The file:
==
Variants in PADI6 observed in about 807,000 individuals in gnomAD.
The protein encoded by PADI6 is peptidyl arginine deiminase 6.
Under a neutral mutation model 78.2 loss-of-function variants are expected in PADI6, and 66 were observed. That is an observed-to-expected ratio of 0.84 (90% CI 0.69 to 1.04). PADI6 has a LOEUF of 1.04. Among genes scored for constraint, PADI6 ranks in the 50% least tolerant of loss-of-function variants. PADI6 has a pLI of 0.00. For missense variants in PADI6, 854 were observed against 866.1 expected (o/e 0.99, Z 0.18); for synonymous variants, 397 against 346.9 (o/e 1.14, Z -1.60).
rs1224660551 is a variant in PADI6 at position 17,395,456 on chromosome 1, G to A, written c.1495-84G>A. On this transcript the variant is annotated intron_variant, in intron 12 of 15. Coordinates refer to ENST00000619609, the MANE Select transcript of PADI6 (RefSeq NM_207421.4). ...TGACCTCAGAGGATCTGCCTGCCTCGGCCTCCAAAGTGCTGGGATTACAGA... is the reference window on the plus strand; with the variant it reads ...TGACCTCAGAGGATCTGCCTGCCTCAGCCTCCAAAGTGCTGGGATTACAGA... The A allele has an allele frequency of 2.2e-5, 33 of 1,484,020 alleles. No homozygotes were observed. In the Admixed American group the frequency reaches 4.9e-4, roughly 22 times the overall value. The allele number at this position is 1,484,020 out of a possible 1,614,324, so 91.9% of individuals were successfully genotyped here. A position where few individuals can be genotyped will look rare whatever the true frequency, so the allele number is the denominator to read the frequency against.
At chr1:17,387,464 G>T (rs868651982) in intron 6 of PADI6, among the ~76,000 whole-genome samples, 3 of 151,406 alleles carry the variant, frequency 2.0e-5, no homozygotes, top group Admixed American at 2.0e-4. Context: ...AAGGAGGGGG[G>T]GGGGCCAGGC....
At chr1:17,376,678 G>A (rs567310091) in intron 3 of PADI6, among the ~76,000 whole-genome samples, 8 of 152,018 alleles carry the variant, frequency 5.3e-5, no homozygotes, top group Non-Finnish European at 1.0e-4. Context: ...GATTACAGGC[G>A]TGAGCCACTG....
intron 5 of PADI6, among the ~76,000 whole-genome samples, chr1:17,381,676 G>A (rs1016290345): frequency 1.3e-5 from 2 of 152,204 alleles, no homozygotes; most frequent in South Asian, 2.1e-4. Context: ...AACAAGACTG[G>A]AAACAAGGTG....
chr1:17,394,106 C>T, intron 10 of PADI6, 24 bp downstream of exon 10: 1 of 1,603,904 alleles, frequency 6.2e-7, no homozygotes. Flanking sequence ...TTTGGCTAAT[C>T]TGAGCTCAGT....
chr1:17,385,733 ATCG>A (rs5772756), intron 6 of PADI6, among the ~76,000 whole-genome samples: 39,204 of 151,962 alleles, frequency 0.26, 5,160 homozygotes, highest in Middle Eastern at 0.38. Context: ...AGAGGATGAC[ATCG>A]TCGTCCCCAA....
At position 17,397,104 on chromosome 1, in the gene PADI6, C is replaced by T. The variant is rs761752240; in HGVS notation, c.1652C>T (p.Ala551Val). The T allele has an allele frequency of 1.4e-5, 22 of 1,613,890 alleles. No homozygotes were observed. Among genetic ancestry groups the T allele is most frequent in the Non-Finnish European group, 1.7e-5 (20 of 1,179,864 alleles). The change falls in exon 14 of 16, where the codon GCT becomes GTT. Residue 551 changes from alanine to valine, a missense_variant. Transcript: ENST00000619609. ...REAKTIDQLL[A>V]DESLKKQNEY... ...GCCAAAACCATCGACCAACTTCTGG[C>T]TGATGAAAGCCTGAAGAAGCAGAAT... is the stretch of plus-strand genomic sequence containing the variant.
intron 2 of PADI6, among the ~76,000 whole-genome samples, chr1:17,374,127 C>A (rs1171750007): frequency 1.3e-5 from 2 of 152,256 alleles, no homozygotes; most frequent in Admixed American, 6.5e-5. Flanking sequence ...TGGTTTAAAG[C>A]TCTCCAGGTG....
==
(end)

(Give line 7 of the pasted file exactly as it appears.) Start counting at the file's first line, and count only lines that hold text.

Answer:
intron 5 of PADI6, among the ~76,000 whole-genome samples, chr1:17,381,676 G>A (rs1016290345): frequency 1.3e-5 from 2 of 152,204 alleles, no homozygotes; most frequent in South Asian, 2.1e-4. Context: ...AACAAGACTG[G>A]AAACAAGGTG....